…a Kenyan and an African American walk into a bar…

I know, this could totally turn into some sort of silly joke butta’erm — nope.

So my newly acquired friend Ms. G was invited out to dinner with friends, and she thought that I would enjoy their company as well so she invited me to attend. So exciting, a lovely time out meeting new people — I love doing that!

So we arrive, introduce ourselves all around – three fluent Italian speakers (including Ms. G) and three English ones, a Kenyan, a Germanic Spaniard and myself. I sat on the side of the table where the Italian speakers were because its good for me to listen, it helps me distinguish sounds and inflections as well as have my ear pick out words that I am familiar with. I attempted to express myself in Italian to one of the Italian speakers, and the Kenyan immediately said “Your Italian is awful”.  WTF?  (And I do not mean why-the-face, Modern Family lovers) Now, since he said it amongst a bunch of people speaking simultaneously, the Italian speakers didn’t quite hear it or pay attention. However, I heard it, glanced quickly at him, ignored him and continued to speak in my ‘awful’ Italian. Really? That’s what you say to someone you just met? Within the first 15 minutes? I am glad my Buddhist sensibilities kicked in immediately. I figured I’d give this ass the benefit of the doubt.  Changing seats to get to know him and his extrememly tired and non-talkative Germanic-Spanish girlfriend better (yep, that’s the Buddhist in me), I found this man attempting to compete with me.  I suspect I might have ruined his ‘being-special-because-he’s-the-only-Black-or-of-color-person-in-the-room’ schtick. He goes on to say that Italian is non difficile, that he’s been here for 2-3 months and he’s picked it up quite easily. So I reply, that’s great for him, but I’ve been here for two weeks, so yes its easy for him but not for me yet.  He really didn’t have much to add after that.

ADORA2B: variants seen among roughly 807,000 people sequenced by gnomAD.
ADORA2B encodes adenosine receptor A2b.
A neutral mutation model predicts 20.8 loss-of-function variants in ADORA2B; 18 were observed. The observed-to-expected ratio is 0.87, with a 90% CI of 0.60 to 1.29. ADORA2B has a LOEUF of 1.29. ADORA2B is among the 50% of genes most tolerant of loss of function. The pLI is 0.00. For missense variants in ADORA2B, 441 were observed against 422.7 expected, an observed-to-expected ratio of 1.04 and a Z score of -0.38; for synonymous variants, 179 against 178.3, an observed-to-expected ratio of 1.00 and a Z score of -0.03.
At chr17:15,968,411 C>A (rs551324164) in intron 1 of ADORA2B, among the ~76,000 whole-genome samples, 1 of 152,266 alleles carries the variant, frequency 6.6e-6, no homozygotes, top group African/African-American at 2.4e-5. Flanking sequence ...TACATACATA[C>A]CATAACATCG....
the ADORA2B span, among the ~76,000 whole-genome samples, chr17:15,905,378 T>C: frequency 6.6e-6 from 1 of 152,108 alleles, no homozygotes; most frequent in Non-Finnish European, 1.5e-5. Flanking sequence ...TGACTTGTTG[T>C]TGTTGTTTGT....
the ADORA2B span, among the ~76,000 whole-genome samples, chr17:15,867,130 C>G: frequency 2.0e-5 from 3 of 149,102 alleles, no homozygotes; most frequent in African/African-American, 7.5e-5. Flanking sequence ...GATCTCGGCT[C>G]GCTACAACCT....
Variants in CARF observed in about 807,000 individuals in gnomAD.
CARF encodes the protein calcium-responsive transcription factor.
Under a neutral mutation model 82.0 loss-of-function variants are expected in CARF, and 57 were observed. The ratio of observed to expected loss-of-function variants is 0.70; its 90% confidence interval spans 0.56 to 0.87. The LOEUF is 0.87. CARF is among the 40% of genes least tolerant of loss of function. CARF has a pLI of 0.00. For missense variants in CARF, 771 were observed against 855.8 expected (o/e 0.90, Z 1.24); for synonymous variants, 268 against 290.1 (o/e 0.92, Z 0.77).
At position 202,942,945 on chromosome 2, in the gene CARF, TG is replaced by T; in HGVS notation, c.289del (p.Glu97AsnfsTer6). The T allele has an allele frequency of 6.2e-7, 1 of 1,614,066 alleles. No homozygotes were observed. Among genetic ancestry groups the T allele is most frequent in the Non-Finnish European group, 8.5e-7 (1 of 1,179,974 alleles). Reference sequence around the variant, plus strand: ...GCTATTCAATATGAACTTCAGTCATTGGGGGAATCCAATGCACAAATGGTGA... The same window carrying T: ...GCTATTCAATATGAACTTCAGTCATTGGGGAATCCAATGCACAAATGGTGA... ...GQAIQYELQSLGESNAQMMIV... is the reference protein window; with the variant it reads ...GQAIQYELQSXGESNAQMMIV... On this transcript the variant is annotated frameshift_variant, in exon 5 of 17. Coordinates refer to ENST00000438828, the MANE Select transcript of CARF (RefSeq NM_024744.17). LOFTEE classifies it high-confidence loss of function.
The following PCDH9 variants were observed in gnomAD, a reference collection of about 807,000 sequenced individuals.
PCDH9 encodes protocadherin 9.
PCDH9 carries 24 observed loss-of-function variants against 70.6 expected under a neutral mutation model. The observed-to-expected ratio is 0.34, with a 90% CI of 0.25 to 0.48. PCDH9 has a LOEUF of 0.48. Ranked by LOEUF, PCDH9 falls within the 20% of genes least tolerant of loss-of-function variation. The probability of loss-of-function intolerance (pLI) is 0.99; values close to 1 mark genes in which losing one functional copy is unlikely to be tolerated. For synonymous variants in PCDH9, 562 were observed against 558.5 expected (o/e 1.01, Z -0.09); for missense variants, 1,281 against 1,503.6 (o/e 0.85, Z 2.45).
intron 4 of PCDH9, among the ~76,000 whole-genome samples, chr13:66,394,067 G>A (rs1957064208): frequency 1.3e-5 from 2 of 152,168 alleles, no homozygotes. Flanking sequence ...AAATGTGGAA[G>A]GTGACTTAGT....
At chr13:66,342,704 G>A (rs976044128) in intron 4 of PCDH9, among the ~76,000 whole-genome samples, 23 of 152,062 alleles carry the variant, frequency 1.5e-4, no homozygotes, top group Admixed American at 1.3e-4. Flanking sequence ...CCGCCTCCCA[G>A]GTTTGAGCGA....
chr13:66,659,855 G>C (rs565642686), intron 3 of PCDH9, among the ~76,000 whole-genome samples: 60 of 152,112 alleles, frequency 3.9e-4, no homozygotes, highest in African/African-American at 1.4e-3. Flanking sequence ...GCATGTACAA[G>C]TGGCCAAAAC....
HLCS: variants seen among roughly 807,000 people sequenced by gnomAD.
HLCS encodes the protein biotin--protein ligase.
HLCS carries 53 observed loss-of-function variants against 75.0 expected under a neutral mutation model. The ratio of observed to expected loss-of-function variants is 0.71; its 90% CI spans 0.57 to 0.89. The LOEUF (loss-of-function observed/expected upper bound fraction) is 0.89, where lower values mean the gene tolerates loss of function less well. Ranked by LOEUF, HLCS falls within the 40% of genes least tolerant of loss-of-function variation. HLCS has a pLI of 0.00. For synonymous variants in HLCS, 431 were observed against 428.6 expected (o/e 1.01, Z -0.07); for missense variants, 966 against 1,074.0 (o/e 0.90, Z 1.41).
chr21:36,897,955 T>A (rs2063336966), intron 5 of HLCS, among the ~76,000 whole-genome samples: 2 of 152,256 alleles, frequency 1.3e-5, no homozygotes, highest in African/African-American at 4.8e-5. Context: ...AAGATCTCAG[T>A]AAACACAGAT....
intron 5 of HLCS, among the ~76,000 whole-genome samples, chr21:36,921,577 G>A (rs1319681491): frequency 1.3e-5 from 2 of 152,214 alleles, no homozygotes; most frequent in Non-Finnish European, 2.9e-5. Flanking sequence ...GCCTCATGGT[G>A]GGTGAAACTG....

Fortunately for me, I have heard too many native Italian speakers who didn’t know me tell me that my pronunciation and inflection are great. Brava, they tell me!  No reason to butter me up if you don’t know me, so I kind of lean towards believing what they say.

Anyway, the Kenyan and I had another kind of disagreement about whether its important for Black people to know which parts of Africa they descend from (ummm, a fervent YES). And then I reminded myself (since I had already made this distinction in my head after his eloquent opinion of my Italian) that I had no desire to hang out with him again anyway. In my head I thought “Why can’t you just enjoy the damn meal, meet new people, and engage in friendly conversation? Without exploiting your insecurity by insulting and then attempting to compete with someone you just met?”

What I’ve learned about people over these past 30+ years is that when someone tries to compete with you verbally, just remove your ego from the situation and agree with them. It takes the bite out of them, and usually you can move on to another topic.



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